At many universities, student athletes receive preferential treatments attaining the best housing and food programs at the school. Additionally, the value of the free ride can exceed $50 thousand easily depending on the school. A fair adjustment would include increasing funds to cover appropriate living expenses, like books or other costs that students generally bear. Other choices could be removing work restrictions or allowing athletes access to a certain level of promotional funds from sponsors. The latter would blunt the impact on school coffers, while providing student athletes more resources.

The tens of millions reinvested from athletic programs, access to billions of federal and state block grants, and investments from corporate donors still do little to offset the cost of attendance for many college students. The financial burden many of these institutions place on students is somewhat immoral. Many of these students will never reasonably pay off their loans in their lifetime. Many of these students graduate without access to employment. There appears to be little pressure, outside of the growth of for-profit institutions, for these institutions to update operating models and focus on reducing cost. 

There are many costs incurred by students that did not contribute to the quality of education by institutions. The bloated contracts of lecturers not all students will experience. The important, but costly, research and outreach programs that might not impact the quality of education for all students. Moreover, the cost of campus events, many of which are not equitably funded due to operational biases. Many aspects of college life or college operations are important but should not be funded from the pockets of the student.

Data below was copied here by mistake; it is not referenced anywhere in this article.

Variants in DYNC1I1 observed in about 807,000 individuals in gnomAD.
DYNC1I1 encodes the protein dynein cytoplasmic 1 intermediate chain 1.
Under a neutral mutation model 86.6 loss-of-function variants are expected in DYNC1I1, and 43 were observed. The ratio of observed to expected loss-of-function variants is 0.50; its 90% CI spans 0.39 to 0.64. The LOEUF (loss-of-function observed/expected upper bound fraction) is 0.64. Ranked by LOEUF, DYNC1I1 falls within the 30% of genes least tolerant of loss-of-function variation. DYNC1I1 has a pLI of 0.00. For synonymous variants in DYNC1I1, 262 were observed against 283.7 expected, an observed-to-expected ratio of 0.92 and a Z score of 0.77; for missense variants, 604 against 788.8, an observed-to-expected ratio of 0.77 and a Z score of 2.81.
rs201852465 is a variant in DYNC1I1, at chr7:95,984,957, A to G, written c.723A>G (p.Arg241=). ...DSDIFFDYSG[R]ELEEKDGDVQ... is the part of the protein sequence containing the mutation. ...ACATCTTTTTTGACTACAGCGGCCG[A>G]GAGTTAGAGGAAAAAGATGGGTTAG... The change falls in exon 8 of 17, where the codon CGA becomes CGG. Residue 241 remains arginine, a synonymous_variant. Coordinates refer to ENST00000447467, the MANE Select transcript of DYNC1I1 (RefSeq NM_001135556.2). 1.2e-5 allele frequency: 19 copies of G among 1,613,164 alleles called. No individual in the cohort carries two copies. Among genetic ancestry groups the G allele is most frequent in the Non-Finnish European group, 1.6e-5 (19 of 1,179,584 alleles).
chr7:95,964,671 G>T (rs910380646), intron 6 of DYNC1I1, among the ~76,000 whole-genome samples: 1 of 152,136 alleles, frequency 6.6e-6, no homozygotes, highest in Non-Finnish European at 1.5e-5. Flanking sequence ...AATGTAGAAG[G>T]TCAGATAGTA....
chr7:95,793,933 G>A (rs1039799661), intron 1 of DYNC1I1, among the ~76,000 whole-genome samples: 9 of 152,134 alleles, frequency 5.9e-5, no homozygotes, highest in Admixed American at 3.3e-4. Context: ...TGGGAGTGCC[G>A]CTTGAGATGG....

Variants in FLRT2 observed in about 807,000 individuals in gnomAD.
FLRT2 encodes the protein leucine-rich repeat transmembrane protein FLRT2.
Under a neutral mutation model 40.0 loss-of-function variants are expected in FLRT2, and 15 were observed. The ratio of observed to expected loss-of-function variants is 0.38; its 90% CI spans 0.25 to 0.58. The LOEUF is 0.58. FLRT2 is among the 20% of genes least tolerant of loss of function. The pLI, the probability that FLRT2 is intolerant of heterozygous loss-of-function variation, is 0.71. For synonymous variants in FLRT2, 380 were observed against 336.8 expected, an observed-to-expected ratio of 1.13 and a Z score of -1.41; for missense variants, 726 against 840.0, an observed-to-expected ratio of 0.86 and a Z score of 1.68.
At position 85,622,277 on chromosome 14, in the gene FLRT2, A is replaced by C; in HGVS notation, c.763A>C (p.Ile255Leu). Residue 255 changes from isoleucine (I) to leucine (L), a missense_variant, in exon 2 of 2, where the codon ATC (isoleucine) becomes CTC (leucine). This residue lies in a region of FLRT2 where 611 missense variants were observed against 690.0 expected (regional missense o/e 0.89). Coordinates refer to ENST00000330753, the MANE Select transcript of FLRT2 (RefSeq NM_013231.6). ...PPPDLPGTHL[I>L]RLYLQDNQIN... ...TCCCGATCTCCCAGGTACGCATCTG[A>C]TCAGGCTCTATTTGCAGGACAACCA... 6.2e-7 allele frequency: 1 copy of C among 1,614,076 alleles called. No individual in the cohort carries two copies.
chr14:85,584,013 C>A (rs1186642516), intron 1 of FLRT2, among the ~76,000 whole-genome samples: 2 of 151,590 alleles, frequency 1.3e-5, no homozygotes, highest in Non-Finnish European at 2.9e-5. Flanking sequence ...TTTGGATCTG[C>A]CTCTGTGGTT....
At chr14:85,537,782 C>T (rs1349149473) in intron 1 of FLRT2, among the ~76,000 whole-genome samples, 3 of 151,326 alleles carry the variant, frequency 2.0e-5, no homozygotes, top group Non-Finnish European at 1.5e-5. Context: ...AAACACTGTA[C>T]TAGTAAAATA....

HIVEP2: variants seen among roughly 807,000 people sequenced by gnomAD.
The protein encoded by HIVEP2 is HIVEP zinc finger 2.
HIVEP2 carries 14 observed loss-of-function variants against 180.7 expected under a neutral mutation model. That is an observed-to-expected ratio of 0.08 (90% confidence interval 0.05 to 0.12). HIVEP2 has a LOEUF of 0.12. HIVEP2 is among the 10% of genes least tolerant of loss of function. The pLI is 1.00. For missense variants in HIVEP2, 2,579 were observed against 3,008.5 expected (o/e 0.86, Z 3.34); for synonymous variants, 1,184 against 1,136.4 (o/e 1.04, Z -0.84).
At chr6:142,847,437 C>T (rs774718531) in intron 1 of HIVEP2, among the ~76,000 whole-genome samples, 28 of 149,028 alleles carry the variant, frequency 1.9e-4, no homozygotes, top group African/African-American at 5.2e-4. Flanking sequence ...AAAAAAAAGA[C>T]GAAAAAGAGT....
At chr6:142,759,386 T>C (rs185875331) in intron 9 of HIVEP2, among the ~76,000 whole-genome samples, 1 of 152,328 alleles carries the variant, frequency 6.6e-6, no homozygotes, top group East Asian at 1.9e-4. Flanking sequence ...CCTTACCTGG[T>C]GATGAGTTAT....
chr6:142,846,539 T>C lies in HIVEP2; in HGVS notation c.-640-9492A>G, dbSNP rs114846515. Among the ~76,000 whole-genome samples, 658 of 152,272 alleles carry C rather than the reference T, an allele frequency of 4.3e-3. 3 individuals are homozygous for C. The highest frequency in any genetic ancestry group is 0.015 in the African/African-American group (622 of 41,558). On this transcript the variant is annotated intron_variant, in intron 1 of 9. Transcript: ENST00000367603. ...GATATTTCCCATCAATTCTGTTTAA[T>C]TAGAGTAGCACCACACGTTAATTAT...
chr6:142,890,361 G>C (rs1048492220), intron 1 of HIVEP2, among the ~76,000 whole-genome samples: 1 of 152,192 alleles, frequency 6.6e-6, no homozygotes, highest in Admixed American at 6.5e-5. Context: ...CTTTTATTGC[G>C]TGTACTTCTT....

In past content, the idea of aligning schools’ access to student loan origination to the level of job placement and compensation was raised. The practice would help push students to better programs and force schools to reduce costs. Schools need to focus on attaining new streams of revenue and alleviating costs from students. Any cost not directly related to the cost of attendance should not be paid from students. Many universities can monetize research programs while still maintaining non-profit status by passing on surpluses to students via tuition reduction. Many can offer consulting and professional services for fees to abate cost. 

The value of education is the benefit it has on one’s compensation and attractiveness in the marketplace. The perception of the cost depends largely on outcomes that come well after attendance and involve factors well beyond the reach of the institution. For factors under their control, institutions need to focus on provide value, fairness, and equity for prospective students and graduates. Education is important and should retain its integrity.